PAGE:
Biologist, Conservationist, & Portlander. My passion lives in Africa.

Monday, December 17, 2012

Overfishing alters food chains to the extreme.

11:22 PM Posted by Tara Easter No comments
Photo credit: Catherine Jubb

Cannibalism has been observed in many different forms of nature. In Nambia, I learned about the white lady spider, who waits underground for the vibrations of nearby prey, or male wanting to mate. The male will perform a "dance" that supplies a rhythm that the female senses underneath. If she likes it, they will mate, but if she doesn't, she will often eat him instead. 

photo credit: David Doubliet
My favorite example is the notorious intrauterine cannibalism performed by some shark species. This is when the strongest or most developed embryo literally eats the other embryos and eggs in the uterus of the shark for nutrition. It is true survival of the fittest before birth.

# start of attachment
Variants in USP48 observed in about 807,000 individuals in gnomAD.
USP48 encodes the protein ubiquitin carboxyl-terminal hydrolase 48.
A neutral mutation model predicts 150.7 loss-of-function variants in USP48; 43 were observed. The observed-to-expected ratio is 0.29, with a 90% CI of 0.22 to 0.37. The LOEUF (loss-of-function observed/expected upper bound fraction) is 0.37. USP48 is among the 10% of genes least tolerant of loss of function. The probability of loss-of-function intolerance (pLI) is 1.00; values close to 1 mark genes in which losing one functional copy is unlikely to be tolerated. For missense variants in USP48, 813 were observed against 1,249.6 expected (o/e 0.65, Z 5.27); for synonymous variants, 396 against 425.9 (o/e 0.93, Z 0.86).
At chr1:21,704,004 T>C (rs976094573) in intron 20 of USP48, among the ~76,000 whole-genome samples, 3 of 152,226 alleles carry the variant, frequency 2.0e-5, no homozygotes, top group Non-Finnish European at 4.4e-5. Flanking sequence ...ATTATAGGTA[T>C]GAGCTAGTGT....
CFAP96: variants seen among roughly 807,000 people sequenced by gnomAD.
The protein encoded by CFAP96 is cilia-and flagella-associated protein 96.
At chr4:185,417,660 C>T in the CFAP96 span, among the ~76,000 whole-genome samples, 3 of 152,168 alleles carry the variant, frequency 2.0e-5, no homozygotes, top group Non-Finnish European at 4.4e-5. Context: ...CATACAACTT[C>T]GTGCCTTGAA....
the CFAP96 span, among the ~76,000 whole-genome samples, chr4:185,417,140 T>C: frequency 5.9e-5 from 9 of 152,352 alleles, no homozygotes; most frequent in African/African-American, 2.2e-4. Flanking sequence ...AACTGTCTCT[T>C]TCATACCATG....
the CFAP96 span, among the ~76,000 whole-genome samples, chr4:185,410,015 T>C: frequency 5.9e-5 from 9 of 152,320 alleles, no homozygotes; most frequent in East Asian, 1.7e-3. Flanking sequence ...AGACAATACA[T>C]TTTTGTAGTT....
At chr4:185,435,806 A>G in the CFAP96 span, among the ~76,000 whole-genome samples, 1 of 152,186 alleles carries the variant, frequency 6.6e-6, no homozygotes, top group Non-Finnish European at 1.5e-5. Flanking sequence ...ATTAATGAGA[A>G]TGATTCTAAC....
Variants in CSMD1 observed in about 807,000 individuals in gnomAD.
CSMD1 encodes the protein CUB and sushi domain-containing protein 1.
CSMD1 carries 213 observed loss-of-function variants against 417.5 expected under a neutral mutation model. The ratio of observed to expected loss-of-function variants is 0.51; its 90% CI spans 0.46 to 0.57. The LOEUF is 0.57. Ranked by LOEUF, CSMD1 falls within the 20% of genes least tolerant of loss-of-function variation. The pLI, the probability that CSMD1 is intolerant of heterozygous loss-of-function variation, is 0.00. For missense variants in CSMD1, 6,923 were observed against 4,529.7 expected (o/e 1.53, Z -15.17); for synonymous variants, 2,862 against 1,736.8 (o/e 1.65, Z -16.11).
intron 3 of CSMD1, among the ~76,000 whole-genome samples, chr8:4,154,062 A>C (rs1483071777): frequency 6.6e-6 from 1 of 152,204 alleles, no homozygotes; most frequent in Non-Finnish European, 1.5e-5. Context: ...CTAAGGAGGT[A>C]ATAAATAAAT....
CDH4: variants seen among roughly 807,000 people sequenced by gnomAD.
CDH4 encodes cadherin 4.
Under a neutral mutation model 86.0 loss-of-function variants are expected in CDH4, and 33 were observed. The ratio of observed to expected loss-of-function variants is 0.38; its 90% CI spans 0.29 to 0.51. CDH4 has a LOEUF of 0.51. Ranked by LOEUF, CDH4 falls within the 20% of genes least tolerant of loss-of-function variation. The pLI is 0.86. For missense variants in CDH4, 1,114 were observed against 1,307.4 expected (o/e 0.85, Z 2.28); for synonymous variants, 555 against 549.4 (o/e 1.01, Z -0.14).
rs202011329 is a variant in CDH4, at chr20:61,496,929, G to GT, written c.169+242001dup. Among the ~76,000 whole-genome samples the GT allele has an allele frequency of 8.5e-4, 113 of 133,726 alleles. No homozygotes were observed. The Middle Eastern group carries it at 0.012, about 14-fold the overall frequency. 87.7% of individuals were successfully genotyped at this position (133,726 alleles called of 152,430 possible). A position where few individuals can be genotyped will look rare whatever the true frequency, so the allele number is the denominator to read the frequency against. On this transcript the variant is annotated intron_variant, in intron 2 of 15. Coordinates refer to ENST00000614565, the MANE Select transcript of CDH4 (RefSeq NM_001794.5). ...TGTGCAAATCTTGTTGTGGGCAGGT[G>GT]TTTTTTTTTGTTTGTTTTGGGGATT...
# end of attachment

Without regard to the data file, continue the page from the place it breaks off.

But until now, only in captivity had lobster cannibalism ever been witnessed. In this article on Marine Science Today, it describes the behavior now being documented in the wild. The overfished stocks of the lobsters' main predator, cod and halibut, combined with the warmer waters in Maine due to climate change, has led to a drastic boom in Maine lobster populations. So much so, they have turned on each other for food. 

Banded lobster claw. Photo credit: junehug via photopin cc

I can't be the only one who's as concerned about the effects we have on our ecosystems...

Not only that, but tensions rise in the business world too as Canadian markets suffer from Maine lobsters sudden drop in price. Simple supply and demand, as this article on Reuters states at the end. The depletion of our resources never ends well. 


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